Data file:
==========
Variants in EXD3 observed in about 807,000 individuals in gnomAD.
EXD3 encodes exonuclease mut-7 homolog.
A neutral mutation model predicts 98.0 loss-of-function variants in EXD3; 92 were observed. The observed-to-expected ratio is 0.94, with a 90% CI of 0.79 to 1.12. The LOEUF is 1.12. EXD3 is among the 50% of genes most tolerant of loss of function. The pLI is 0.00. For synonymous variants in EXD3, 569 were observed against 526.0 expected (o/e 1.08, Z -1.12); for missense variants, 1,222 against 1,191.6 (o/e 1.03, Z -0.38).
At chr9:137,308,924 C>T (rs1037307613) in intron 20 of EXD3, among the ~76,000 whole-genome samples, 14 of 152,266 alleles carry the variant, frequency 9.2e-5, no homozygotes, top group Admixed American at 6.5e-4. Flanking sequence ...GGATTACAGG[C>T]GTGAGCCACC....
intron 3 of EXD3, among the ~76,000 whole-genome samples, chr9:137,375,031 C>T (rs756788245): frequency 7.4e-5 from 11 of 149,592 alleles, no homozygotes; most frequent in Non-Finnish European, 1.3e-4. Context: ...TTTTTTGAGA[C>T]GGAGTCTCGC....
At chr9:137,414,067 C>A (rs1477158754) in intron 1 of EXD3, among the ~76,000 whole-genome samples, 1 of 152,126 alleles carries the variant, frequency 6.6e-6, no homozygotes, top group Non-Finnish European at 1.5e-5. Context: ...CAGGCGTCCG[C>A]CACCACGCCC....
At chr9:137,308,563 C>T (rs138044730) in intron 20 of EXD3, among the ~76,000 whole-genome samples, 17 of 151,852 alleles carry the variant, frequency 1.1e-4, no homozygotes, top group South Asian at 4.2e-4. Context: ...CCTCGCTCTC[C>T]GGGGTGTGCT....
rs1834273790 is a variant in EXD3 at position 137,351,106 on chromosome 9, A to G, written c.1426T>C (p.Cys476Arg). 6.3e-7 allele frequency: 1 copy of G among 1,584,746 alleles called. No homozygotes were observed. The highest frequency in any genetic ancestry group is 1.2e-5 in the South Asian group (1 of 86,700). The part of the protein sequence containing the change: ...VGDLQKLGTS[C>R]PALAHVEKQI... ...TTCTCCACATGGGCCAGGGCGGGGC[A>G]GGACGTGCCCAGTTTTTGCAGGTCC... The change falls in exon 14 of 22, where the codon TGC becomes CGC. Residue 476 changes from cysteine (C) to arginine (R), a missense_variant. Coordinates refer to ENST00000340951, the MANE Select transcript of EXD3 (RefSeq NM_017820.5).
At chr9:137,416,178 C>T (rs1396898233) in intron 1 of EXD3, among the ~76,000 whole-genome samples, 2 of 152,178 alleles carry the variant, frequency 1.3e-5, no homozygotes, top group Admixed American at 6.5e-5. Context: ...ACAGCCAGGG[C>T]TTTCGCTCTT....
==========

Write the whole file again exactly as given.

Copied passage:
Variants in EXD3 observed in about 807,000 individuals in gnomAD.
EXD3 encodes exonuclease mut-7 homolog.
A neutral mutation model predicts 98.0 loss-of-function variants in EXD3; 92 were observed. The observed-to-expected ratio is 0.94, with a 90% CI of 0.79 to 1.12. The LOEUF is 1.12. EXD3 is among the 50% of genes most tolerant of loss of function. The pLI is 0.00. For synonymous variants in EXD3, 569 were observed against 526.0 expected (o/e 1.08, Z -1.12); for missense variants, 1,222 against 1,191.6 (o/e 1.03, Z -0.38).
At chr9:137,308,924 C>T (rs1037307613) in intron 20 of EXD3, among the ~76,000 whole-genome samples, 14 of 152,266 alleles carry the variant, frequency 9.2e-5, no homozygotes, top group Admixed American at 6.5e-4. Flanking sequence ...GGATTACAGG[C>T]GTGAGCCACC....
intron 3 of EXD3, among the ~76,000 whole-genome samples, chr9:137,375,031 C>T (rs756788245): frequency 7.4e-5 from 11 of 149,592 alleles, no homozygotes; most frequent in Non-Finnish European, 1.3e-4. Context: ...TTTTTTGAGA[C>T]GGAGTCTCGC....
At chr9:137,414,067 C>A (rs1477158754) in intron 1 of EXD3, among the ~76,000 whole-genome samples, 1 of 152,126 alleles carries the variant, frequency 6.6e-6, no homozygotes, top group Non-Finnish European at 1.5e-5. Context: ...CAGGCGTCCG[C>A]CACCACGCCC....
At chr9:137,308,563 C>T (rs138044730) in intron 20 of EXD3, among the ~76,000 whole-genome samples, 17 of 151,852 alleles carry the variant, frequency 1.1e-4, no homozygotes, top group South Asian at 4.2e-4. Context: ...CCTCGCTCTC[C>T]GGGGTGTGCT....
rs1834273790 is a variant in EXD3 at position 137,351,106 on chromosome 9, A to G, written c.1426T>C (p.Cys476Arg). 6.3e-7 allele frequency: 1 copy of G among 1,584,746 alleles called. No homozygotes were observed. The highest frequency in any genetic ancestry group is 1.2e-5 in the South Asian group (1 of 86,700). The part of the protein sequence containing the change: ...VGDLQKLGTS[C>R]PALAHVEKQI... ...TTCTCCACATGGGCCAGGGCGGGGC[A>G]GGACGTGCCCAGTTTTTGCAGGTCC... The change falls in exon 14 of 22, where the codon TGC becomes CGC. Residue 476 changes from cysteine (C) to arginine (R), a missense_variant. Coordinates refer to ENST00000340951, the MANE Select transcript of EXD3 (RefSeq NM_017820.5).
At chr9:137,416,178 C>T (rs1396898233) in intron 1 of EXD3, among the ~76,000 whole-genome samples, 2 of 152,178 alleles carry the variant, frequency 1.3e-5, no homozygotes, top group Admixed American at 6.5e-5. Context: ...ACAGCCAGGG[C>T]TTTCGCTCTT....